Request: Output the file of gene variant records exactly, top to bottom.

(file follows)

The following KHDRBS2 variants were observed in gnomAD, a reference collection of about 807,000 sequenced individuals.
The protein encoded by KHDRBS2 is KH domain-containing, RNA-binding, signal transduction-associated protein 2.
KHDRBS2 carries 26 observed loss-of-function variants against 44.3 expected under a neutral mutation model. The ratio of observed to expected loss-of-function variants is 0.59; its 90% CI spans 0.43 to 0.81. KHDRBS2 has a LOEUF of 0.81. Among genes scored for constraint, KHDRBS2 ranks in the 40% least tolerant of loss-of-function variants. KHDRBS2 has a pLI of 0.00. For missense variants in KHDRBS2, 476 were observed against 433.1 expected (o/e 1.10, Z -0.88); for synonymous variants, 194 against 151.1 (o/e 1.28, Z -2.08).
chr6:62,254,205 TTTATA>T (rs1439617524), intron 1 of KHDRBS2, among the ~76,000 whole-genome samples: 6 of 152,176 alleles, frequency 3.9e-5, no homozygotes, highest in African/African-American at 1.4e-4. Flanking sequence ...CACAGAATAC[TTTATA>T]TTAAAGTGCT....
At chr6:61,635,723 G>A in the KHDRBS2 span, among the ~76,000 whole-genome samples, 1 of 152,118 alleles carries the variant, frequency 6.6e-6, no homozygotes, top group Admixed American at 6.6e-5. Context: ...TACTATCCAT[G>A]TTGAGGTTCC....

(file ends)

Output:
The following KHDRBS2 variants were observed in gnomAD, a reference collection of about 807,000 sequenced individuals.
The protein encoded by KHDRBS2 is KH domain-containing, RNA-binding, signal transduction-associated protein 2.
KHDRBS2 carries 26 observed loss-of-function variants against 44.3 expected under a neutral mutation model. The ratio of observed to expected loss-of-function variants is 0.59; its 90% CI spans 0.43 to 0.81. KHDRBS2 has a LOEUF of 0.81. Among genes scored for constraint, KHDRBS2 ranks in the 40% least tolerant of loss-of-function variants. KHDRBS2 has a pLI of 0.00. For missense variants in KHDRBS2, 476 were observed against 433.1 expected (o/e 1.10, Z -0.88); for synonymous variants, 194 against 151.1 (o/e 1.28, Z -2.08).
chr6:62,254,205 TTTATA>T (rs1439617524), intron 1 of KHDRBS2, among the ~76,000 whole-genome samples: 6 of 152,176 alleles, frequency 3.9e-5, no homozygotes, highest in African/African-American at 1.4e-4. Flanking sequence ...CACAGAATAC[TTTATA>T]TTAAAGTGCT....
At chr6:61,635,723 G>A in the KHDRBS2 span, among the ~76,000 whole-genome samples, 1 of 152,118 alleles carries the variant, frequency 6.6e-6, no homozygotes, top group Admixed American at 6.6e-5. Context: ...TACTATCCAT[G>A]TTGAGGTTCC....